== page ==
There are days when Navy wide receiver Brandon Turner wonders how he is still at the academy, his college football career winding down and graduation within sight.
Many of those who Turner started with at the Naval Academy Prep School five years ago are long gone. Jordy Spriggs, a high school teammate and friend who first encouraged Turner to call Navy coach Ken Niumatalolo about recruiting him, went back home to the Seattle suburbs before their first term ended at NAPS. Many others left after getting to Annapolis, a few not by their own choice.
"I can't believe I made it through my first year," Turner recalled recently. "There are like 10 of us left from NAPS [of around 35] who started. It feels good to be one of those guys who've stuck through it, and now I see the light at the end of the tunnel. I've had a lot of things happen to me, but I'm happy I'm still here."
So is Niumatalolo.
Having suspended Turner from this season's opening game against Notre Dame in Ireland for flunking an academy-wide conditioning test, forcing last year's leading receiver to earn back his starting position, Niumatalolo knows Navy (8-4) might not have turned around its season after a 1-3 start — or beaten Army — without the 6-foot-4, 225-pound senior.
"He's an extremely emotional, passionate guy, he's got highs and lows, maybe not as even keel as Matt Warrick or Josh Cabral," said Niumatalolo, whose team will play Arizona State (7-5) on Saturday in the Kraft Fight Hunger Bowl at San Francisco's AT&T Park. "He's high-strung, but some of that energy almost got him in the end zone [against Army] when he caught that pass. He was going to drag that safety into the end zone. That kind of passion makes him who he is."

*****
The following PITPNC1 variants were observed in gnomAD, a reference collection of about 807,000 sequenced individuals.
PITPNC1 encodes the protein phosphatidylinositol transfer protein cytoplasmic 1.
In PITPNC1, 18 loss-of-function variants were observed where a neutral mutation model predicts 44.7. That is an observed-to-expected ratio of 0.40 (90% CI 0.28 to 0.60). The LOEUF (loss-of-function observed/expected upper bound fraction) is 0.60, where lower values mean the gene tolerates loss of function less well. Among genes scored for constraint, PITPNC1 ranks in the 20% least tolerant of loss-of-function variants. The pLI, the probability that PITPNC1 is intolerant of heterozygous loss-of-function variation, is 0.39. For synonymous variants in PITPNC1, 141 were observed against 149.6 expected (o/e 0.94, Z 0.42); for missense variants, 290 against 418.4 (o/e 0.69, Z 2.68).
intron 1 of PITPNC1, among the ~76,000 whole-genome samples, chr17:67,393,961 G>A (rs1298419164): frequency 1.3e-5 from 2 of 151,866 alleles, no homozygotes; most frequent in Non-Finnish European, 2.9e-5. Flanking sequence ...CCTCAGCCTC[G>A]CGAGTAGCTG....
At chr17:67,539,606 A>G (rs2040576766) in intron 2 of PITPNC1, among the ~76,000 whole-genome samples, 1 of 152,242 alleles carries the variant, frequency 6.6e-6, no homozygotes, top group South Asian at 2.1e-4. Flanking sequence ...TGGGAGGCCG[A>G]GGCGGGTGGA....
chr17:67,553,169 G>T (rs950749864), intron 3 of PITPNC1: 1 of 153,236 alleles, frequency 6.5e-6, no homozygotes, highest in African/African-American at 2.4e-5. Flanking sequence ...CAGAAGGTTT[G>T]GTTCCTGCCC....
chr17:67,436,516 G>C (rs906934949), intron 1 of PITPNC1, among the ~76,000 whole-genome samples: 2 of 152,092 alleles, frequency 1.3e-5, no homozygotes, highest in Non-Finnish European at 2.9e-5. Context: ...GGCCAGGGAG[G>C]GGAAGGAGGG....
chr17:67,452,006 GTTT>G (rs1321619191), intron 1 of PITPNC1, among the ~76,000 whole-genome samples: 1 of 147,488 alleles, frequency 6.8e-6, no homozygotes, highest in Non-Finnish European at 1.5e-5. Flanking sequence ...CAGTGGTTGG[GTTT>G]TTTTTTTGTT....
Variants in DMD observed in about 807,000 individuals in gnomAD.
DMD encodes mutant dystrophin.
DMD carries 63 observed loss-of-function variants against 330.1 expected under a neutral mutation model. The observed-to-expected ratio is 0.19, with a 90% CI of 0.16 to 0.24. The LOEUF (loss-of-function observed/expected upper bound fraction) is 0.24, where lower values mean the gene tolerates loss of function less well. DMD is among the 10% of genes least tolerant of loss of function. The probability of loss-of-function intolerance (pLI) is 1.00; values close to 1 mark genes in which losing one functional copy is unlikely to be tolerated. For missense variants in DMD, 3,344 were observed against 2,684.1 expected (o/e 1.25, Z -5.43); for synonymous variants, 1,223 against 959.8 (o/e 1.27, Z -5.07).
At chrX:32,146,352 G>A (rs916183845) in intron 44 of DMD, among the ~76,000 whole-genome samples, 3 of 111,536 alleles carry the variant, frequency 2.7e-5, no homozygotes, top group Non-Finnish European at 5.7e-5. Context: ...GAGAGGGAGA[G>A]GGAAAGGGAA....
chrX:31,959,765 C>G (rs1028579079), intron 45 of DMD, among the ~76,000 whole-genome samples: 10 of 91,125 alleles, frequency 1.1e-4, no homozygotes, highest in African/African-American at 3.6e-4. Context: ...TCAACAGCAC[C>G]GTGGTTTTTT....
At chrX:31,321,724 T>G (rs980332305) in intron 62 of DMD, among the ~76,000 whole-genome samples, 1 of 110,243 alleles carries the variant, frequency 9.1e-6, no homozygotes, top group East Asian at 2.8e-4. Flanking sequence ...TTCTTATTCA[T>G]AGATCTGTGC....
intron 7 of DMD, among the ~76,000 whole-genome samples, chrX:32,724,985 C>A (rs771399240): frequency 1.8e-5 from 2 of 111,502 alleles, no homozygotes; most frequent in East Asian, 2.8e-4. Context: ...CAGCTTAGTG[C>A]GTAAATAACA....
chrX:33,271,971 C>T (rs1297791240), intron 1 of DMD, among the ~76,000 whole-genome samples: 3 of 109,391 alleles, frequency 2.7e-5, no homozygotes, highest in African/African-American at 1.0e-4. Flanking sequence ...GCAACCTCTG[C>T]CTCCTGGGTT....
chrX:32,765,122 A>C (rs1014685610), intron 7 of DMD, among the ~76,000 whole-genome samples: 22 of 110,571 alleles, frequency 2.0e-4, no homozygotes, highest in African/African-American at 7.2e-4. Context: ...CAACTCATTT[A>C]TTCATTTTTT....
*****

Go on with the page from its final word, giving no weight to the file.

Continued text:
Niumatalolo called the 49-yard pass Turner hauled in from freshman quarterback Keenan Reynolds late in the fourth quarter of Navy's 17-13 comeback victory over Army in Philadelphia "maybe the biggest play we had all season." It was Turner's 20th reception of the season — a personal career best and team-high for the season — and helped set up Reynolds' 8-yard game-winning touchdown run.
Turner said he was unsure how his senior year would unfold after he failed his Physical Readiness Test last summer.
"It sucked, just watching those guys practice and not being able to be there," Turner said. "It pissed me off for awhile. It is the first time we had ever done something like this [suspensions tied to the test], and I felt like [Niumatalolo] turned his back on me after all the things I had done for him, putting my body on the line and being a leader on the team. I felt so alone. But I kept my mouth shut, went with the flow and everything turned out all right."
Back home outside Seattle, Bobby Turner wasn't surprised to hear the younger of his two sons had flunked the PRT after not completing a 1 1/2 mile run in a prescribed 10 1/2 minutes.
"I noticed over the summer that he wasn't working out as much as I thought he should be, and when I would tell him that, he would say, 'I got it Dad, I got it,'" said the elder Turner, who played two years of college football at Carson-Newman College in Tennessee and later served in the Army Reserves with the nursing corps. "I told him that you reap what you sow, and you don't want to ruin your senior year."
Despite his son's setback last summer, the elder Turner has seen his tranformation, particularly over the past two years. It began after the younger Turner was put on restriction for 45 days during his sophomore year following a series of infractions. The younger Turner was struggling academically, as well as having a hard time adhering to all the rules at the academy.
"I think he began to realize that when you make a decision, you have to take responsibility, the academy is not going to change for you, you're going to have to adhere to their rules," Bobby Turner said. "When he came to his contract year [after his sophomore year] I told him, 'If you don't want to stay at the academy, you have to have a plan.'"